Being a Teaching Assistant (or TA) can be very rewarding. But if you’re taking on the role for the first time, it can also be challenging.
As you adopt the role of “the expert”, you will have to work with your students’ expectations of what a teacher is, the professor’s expectations for teaching and marking in a timely manner, and your own personal expectations.
So is a TA role right for you? Read on to find out!
Learn from professors
When you become a TA, you gain a new type of relationship with professors in your department. Suddenly, you are no longer just one of their pupils – you are also a colleague, a fellow teacher, and an employee who is now directly involved in the success of a course.
It may be a bit intimidating to suddenly be in an authority role. Your job is to explain and support the professor’s teachings, and enhance your students’ learning experience.
Of course, every professor has their own teaching style – TAs need to become an extension of the framework they provide. It’s imperative that a TA takes time to understand the teaching style and aims of the professor in order to provide effective lessons to their students.
When you attend lectures, don’t just take notes on the lesson material. Take it a step further – pay attention to the professor’s teaching strategies, and record their methods of communicating information. This will help you to recognize their teaching methods, their purposes, and the ways students respond to them. If you have any doubts about their approach, it never hurts to ask them directly!
Of course, you may not agree with all of your professor’s methods. But as a new educator, gathering this type of information and applying the effective parts to your teaching style will help you become more effective in your role. You’ll develop your own teaching philosophy, which you may need if you decide to apply for jobs in academia.
Dealing with expectations
It’s natural to be concerned about your level of performance. Many TAs find themselves worrying about the impression they are leaving on their students – you probably don’t meet their expectations of a typical teacher, since you are much younger and probably a student yourself!
Keep in mind that while you may not have as much experience as a seasoned professor, you still have a lot more experience than most of the students sitting in front of you. They are there to learn from you, and your title as a TA alone gives them a sense of your authority in the classroom.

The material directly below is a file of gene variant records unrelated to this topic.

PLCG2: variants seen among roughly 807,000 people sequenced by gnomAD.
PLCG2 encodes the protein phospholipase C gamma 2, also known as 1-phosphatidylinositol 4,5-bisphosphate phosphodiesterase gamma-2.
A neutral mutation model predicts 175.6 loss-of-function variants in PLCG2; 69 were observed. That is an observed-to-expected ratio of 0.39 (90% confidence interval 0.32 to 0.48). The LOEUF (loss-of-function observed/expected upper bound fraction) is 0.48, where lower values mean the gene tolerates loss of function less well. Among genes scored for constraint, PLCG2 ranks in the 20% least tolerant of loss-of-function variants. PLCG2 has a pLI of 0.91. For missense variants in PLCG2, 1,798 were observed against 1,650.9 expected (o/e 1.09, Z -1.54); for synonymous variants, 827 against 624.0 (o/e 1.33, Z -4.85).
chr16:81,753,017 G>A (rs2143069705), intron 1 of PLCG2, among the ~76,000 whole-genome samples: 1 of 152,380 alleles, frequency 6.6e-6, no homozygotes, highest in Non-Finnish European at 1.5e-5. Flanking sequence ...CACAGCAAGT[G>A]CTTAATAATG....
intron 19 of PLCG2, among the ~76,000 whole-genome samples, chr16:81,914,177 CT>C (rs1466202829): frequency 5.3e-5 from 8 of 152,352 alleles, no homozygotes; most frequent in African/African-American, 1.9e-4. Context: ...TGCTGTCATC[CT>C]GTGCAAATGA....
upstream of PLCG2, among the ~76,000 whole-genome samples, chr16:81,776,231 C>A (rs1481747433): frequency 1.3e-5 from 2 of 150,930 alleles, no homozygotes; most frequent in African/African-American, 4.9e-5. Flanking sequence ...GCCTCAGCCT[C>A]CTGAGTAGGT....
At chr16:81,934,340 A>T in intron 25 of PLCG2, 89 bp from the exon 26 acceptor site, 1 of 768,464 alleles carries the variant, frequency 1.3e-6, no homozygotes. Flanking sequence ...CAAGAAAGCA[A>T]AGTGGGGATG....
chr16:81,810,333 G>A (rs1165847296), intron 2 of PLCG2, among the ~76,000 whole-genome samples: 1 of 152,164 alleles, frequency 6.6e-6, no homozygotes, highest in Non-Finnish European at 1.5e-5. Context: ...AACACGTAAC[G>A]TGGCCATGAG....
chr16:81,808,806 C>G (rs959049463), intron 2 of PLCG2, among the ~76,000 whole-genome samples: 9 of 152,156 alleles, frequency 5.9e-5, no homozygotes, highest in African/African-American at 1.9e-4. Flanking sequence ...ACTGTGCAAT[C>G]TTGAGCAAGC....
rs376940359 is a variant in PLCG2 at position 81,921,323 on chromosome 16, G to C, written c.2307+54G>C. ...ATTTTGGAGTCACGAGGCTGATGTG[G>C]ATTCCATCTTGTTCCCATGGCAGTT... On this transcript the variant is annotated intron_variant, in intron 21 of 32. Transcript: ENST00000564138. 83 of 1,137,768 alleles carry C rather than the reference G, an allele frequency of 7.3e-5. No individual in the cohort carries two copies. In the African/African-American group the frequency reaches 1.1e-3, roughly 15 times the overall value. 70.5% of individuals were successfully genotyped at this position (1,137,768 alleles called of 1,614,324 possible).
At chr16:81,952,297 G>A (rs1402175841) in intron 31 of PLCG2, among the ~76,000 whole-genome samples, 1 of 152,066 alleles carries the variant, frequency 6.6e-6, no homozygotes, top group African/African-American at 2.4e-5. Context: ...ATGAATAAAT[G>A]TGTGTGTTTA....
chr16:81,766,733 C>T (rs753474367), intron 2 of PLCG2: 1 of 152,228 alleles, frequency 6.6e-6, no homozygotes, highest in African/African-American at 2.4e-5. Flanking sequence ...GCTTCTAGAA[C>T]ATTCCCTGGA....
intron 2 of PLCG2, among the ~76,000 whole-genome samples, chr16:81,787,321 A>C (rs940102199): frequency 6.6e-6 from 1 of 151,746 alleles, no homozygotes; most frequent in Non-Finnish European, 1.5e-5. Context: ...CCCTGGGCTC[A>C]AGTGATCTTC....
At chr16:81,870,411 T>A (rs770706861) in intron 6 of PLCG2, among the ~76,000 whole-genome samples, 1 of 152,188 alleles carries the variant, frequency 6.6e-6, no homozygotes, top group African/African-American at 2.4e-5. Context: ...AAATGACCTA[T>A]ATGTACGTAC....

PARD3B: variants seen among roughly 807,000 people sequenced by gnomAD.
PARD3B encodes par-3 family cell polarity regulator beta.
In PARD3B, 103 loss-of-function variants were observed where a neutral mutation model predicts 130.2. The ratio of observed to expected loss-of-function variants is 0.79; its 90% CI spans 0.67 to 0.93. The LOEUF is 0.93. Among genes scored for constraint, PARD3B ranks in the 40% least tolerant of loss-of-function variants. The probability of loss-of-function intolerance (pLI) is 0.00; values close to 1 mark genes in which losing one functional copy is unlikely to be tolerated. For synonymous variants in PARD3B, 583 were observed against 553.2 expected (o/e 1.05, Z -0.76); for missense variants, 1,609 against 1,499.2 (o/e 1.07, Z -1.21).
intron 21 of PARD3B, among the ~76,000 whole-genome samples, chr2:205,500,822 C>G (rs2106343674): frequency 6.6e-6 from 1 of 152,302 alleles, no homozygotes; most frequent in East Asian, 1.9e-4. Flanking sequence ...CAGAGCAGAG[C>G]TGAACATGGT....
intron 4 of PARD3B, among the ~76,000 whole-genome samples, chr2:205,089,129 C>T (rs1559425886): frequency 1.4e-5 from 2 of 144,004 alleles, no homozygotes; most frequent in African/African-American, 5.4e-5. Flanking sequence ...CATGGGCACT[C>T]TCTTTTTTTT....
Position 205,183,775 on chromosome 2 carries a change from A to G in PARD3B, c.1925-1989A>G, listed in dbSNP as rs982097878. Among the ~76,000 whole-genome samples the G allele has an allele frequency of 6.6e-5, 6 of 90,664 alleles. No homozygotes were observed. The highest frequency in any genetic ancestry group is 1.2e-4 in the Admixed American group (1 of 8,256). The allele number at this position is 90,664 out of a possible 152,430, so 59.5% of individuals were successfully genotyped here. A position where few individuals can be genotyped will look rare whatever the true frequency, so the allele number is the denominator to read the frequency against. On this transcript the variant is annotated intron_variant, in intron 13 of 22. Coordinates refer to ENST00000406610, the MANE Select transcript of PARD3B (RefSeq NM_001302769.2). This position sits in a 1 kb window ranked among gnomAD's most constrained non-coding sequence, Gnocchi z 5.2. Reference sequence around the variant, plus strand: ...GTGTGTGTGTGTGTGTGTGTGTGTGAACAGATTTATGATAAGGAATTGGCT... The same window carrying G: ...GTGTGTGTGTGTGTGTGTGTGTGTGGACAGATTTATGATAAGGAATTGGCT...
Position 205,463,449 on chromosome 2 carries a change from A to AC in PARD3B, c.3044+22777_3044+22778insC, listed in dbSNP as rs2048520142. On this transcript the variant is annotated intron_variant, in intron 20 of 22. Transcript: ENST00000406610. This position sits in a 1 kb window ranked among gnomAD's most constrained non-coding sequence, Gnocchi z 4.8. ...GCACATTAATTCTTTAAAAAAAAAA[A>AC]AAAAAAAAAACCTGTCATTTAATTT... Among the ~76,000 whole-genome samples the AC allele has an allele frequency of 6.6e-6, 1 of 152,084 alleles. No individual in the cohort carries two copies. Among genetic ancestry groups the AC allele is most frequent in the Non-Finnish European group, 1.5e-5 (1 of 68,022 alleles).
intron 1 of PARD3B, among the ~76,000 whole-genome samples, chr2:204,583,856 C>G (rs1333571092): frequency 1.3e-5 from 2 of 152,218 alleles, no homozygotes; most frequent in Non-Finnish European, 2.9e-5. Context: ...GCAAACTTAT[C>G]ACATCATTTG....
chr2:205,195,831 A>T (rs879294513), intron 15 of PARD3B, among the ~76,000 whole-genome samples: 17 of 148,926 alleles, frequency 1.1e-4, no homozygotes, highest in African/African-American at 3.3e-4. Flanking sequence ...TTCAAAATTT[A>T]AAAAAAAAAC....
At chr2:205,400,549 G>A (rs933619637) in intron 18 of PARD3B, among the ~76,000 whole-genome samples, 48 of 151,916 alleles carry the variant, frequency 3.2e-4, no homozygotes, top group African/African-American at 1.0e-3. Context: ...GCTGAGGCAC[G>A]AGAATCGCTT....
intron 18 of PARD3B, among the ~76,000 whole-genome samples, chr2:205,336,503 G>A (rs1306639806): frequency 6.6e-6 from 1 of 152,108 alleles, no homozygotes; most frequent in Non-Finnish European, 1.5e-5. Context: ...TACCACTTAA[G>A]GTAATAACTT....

There is also the expectation from your professor to complete the tasks you’re assigned. This can include attending lectures, marking papers and projects, and addressing student questions outside of class time. With all of these new responsibilities on top of your existing busy schedule, it can be a challenge to meet each deadline.
Make sure you manage your time effectively – set up an organizer in a notebook or on a mobile device. Mark down all of your main deadlines at the beginning of the semester, and block out the amount of time you need to complete each task. When in doubt, block out extra time for larger tasks to ensure you have time to finish everything!
Getting up and speaking in front of an audience can be nerve-wracking for some. A good way to address these feelings is to shift your focus – instead of thinking about making mistakes, consider how you can play to your strengths.
You have a huge advantage as a TA – chances are, you are much more relatable to your students than your main professor is. As someone who is in a similar age demographic, and has recently been in the same position as them, they may feel more comfortable approaching you for advice.
Because of this, you have the opportunity to set the tone in your classroom – it does not have to be as formal as the main lectures. This is your chance to connect with your students and answer specific questions on a personal level. And while the content should cover the same content and concepts as the main lecture, you have a chance to create a more dynamic, hands-on approach.
A lot of TAs may worry that they do not come off as knowledgeable to their students. While you may be going through a similar learning curve, remember that they do not expect you to know everything. Admitting you don’t know the answer, but offering to find out goes a long way with students. It shows that you genuinely want to help them learn.